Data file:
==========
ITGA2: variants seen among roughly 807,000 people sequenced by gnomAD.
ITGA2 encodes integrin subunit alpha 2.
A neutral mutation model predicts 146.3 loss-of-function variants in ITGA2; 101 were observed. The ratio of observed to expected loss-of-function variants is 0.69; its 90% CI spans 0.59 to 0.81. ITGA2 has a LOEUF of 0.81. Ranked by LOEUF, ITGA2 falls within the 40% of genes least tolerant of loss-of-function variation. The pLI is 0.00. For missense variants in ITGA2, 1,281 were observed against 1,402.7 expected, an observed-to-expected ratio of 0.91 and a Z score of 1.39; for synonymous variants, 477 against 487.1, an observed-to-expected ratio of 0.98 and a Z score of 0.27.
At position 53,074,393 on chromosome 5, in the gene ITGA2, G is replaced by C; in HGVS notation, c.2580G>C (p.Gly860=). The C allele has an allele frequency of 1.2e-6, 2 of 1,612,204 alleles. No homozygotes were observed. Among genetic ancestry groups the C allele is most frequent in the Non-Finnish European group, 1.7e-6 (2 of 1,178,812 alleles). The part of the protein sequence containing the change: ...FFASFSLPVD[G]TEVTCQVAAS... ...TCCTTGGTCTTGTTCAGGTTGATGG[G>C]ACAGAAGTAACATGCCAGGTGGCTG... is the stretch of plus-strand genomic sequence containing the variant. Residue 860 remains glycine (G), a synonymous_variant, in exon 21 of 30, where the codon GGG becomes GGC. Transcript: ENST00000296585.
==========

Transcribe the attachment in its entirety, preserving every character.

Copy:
ITGA2: variants seen among roughly 807,000 people sequenced by gnomAD.
ITGA2 encodes integrin subunit alpha 2.
A neutral mutation model predicts 146.3 loss-of-function variants in ITGA2; 101 were observed. The ratio of observed to expected loss-of-function variants is 0.69; its 90% CI spans 0.59 to 0.81. ITGA2 has a LOEUF of 0.81. Ranked by LOEUF, ITGA2 falls within the 40% of genes least tolerant of loss-of-function variation. The pLI is 0.00. For missense variants in ITGA2, 1,281 were observed against 1,402.7 expected, an observed-to-expected ratio of 0.91 and a Z score of 1.39; for synonymous variants, 477 against 487.1, an observed-to-expected ratio of 0.98 and a Z score of 0.27.
At position 53,074,393 on chromosome 5, in the gene ITGA2, G is replaced by C; in HGVS notation, c.2580G>C (p.Gly860=). The C allele has an allele frequency of 1.2e-6, 2 of 1,612,204 alleles. No homozygotes were observed. Among genetic ancestry groups the C allele is most frequent in the Non-Finnish European group, 1.7e-6 (2 of 1,178,812 alleles). The part of the protein sequence containing the change: ...FFASFSLPVD[G]TEVTCQVAAS... ...TCCTTGGTCTTGTTCAGGTTGATGG[G>C]ACAGAAGTAACATGCCAGGTGGCTG... is the stretch of plus-strand genomic sequence containing the variant. Residue 860 remains glycine (G), a synonymous_variant, in exon 21 of 30, where the codon GGG becomes GGC. Transcript: ENST00000296585.